While you are breaking out the heavy coats and hats, it’s important not to forget that your vehicle needs winter TLC, too. Testing your car’s battery, lubing weather stripping, and considering switching to winter tires will have you better prepared for the winter season. Beyond the mechanical considerations, take this opportunity to also review cheap auto insurance so you can maintain a thorough, inexpensive policy to help get you through the diciest of all the seasons.
Test Your Car Battery
It’s easy to forget about the car battery. It is generally very reliable – until it isn’t, and you’re stranded somewhere. Don’t wait until your car battery fails to figure out if it can withstand the cold winter.
Checking the battery with a computerized battery tester will give you a heads up if it needs to be replaced. It will check the internal resistance, conductance, and voltage to give you an idea as to the battery’s overall condition.
If you’d rather not test it yourself, take it to your trusted mechanic so they can quickly evaluate the charge and the expected life of the battery. If the voltage is in question, don’t hesitate to get the battery replaced.
Put a Winter Emergency Kit Together
The last thing you want is to be stranded, isolated and without any gear to help you out in that situation. You can easily buy a kit online or put one together yourself. The kit should include:
- Reflective Triangles
- Cat Litter (for traction)
- Portable snow shovel and ice scraper
- Jumper cables
- Flashlight and extra batteries
- Phone charger
Lubricate the Window Tracks
Precipitation can seep into window tracks and wreak havoc on the system. You can save yourself hundreds of dollars in repairs by lubricating the window tracks with Teflon or silicone spray lubricant. With the window down, spray the lubricant into the front and back track. Operate the window a few times to ensure that it is spreading along the entirety of the track. Simply use a paper towel and glass cleaner to remove lubricant from the window.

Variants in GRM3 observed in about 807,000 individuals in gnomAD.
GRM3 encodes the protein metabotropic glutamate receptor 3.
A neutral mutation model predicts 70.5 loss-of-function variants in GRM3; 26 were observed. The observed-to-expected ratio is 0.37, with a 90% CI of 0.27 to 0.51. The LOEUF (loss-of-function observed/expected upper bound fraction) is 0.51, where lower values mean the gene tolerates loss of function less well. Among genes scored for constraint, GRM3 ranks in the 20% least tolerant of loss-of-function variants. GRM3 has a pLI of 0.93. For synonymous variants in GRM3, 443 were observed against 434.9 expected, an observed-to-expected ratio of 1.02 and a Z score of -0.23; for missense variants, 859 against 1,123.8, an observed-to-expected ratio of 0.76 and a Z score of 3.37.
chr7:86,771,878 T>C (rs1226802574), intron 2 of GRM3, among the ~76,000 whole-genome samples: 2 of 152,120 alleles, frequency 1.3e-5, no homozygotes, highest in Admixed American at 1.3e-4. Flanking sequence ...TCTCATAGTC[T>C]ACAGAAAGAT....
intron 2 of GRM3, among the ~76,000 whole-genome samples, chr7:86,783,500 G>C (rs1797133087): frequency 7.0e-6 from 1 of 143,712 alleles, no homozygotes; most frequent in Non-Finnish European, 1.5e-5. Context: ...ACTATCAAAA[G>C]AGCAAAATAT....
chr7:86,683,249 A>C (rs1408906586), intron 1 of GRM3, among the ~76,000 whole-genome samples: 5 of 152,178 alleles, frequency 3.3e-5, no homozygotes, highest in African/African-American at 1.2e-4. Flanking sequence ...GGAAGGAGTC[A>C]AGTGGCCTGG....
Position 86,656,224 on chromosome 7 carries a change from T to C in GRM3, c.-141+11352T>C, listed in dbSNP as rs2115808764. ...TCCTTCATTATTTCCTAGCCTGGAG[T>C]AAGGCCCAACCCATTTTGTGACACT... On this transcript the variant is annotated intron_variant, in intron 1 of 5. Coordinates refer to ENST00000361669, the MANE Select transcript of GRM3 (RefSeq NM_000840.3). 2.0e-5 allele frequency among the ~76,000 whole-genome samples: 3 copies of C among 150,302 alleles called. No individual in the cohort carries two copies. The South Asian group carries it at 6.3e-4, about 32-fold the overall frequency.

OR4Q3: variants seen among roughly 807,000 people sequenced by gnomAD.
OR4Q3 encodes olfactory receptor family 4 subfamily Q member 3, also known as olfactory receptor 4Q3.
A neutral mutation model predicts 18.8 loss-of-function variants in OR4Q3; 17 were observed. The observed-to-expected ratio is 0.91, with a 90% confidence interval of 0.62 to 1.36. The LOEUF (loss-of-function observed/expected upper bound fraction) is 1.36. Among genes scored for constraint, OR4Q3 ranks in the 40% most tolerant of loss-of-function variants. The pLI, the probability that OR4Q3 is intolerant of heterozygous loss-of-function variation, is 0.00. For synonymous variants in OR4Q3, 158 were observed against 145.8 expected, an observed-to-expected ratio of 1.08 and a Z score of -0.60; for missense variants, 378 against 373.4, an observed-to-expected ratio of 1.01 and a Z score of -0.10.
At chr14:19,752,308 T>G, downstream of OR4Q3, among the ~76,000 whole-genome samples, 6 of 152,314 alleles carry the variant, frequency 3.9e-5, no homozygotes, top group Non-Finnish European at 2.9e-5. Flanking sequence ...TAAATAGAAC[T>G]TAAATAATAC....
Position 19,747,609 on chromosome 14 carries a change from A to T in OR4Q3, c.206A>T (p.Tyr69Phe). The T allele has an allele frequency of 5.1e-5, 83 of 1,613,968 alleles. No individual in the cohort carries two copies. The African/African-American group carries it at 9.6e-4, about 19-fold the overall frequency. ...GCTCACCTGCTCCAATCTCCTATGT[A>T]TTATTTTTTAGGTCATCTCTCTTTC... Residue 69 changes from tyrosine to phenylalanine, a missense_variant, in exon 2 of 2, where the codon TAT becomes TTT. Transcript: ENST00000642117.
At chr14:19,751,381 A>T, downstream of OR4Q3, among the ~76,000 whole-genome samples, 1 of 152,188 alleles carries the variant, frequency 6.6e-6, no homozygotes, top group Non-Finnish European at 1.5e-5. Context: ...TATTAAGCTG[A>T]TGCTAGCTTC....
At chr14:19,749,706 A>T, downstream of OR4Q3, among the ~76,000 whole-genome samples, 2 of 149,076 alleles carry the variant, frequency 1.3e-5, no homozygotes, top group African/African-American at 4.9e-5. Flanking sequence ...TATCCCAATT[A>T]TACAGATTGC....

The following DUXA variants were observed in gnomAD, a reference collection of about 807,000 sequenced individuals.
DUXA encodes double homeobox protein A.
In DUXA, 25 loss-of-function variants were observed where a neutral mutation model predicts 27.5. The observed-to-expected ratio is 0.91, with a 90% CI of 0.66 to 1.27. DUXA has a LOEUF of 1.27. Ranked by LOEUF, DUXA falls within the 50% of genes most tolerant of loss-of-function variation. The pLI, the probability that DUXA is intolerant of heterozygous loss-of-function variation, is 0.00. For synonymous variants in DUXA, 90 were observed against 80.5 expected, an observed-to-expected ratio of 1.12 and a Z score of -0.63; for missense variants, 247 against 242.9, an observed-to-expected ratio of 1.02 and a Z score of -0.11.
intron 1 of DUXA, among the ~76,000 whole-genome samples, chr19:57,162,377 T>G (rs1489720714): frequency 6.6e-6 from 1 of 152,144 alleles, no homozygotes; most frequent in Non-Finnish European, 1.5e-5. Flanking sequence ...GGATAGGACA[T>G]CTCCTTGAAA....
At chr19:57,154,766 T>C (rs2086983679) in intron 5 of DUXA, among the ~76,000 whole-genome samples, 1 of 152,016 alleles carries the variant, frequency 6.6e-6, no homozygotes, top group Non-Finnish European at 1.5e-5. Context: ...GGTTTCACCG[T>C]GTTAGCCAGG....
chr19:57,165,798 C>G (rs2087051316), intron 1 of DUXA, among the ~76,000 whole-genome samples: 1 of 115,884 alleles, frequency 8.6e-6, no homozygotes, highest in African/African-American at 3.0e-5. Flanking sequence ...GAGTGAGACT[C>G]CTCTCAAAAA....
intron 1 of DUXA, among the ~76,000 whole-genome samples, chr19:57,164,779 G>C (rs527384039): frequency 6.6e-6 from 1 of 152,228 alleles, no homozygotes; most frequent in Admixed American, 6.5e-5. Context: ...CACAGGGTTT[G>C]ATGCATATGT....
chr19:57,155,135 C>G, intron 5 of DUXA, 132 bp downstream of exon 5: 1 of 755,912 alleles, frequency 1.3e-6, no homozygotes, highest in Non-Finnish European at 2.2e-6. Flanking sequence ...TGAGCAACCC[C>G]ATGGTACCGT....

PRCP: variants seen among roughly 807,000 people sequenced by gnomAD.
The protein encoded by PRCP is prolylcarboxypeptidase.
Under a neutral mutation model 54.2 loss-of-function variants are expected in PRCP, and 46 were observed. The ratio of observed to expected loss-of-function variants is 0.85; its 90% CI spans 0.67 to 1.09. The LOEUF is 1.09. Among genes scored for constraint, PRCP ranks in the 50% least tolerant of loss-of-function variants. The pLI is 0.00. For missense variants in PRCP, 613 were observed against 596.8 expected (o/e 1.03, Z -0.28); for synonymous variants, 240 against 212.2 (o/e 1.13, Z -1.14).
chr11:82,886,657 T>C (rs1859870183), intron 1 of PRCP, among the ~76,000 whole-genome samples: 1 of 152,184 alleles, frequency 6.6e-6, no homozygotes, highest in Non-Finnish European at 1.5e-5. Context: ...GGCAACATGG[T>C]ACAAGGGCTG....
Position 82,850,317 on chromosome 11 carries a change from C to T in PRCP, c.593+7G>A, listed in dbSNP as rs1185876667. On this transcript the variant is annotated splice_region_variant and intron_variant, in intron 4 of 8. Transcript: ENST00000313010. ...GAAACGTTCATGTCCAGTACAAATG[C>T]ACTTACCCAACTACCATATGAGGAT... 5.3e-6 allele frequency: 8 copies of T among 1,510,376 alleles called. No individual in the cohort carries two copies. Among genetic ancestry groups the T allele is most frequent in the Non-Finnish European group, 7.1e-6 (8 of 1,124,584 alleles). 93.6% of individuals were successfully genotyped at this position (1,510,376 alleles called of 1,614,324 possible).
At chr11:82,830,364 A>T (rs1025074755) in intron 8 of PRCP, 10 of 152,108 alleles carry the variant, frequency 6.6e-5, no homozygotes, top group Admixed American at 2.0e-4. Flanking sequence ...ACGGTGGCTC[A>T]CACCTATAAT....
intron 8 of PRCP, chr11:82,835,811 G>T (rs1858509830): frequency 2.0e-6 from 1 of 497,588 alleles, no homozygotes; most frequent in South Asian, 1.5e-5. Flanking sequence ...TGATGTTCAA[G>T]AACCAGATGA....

Lubricate the Door Locks
Whether you have keyless entry or not, you’ll want to keep the door locks lubricated so they don’t corrode. Key fob batteries do die (eventually) and Murphy’s Law dictates that day will be the one when your locks are frozen (or corroded) shut. You can use graphite lock or dry Teflon spray lubricant to shoot into the lock cylinder.
Watch Your Tires
Ultimately, it’s your tires that see you through the winter so you’ll want to make sure they are in good operating condition. Cold air causes air pressure in tires to decrease, so make a point to check the pressure regularly and inflate to the car manufacturer’s specifications. Failing to do this will cause a decrease in gas mileage and it will wear out your tires faster.
Tire tread is also of the upmost importance. Ideally, winter tires would be best so you can maintain the most control of your vehicle on snowy roads. At the very least, be sure your tires have adequate tread. The deeper the tread the better and if you do the penny test and can see Lincoln’s face (upside down) you’ll want to consider getting new tires altogether.
Get Brakes Inspected
At the start of the season, get your brakes inspected and then again midway through the winter. Salt and moisture can cause rotors to rust, and will reduce your ability to brake effectively. If you notice any noises, grinding or anything different when operating your brakes, get them looked at immediately.
Replace the Wiper Blades & Watch the Washer Fluid
Wiper blades are really no match for the beast that is winter. With sleet, snow, and ice falling all of the time, wiper blades are asked to do a lot. If your blades are already skipping or smudging, replace them right away.
As anyone who has driven through a blustery day knows, you go through a lot of windshield wiper fluid in the winter time. Keep the reservoir filled and keep an extra gallon of washer fluid in the car, just in case you run out. Driving without washer fluid when you need it is dangerous as it limits (if not completely eliminates) visibility.
Keep the Gas Tank Half Full
Keeping the gas tank half full or more will reduce condensation buildup in the tank. This will prevent future issues and it will also make your car easier to start in the morning. Bonus, you’ll also spend less time stopping for and getting gas on those bitterly cold days.
Don’t forget that your vehicle needs winter TLC. The change in weather conditions creates new obstacles and new challenges for every vehicle and getting ahead of them will keep you and your car in good shape.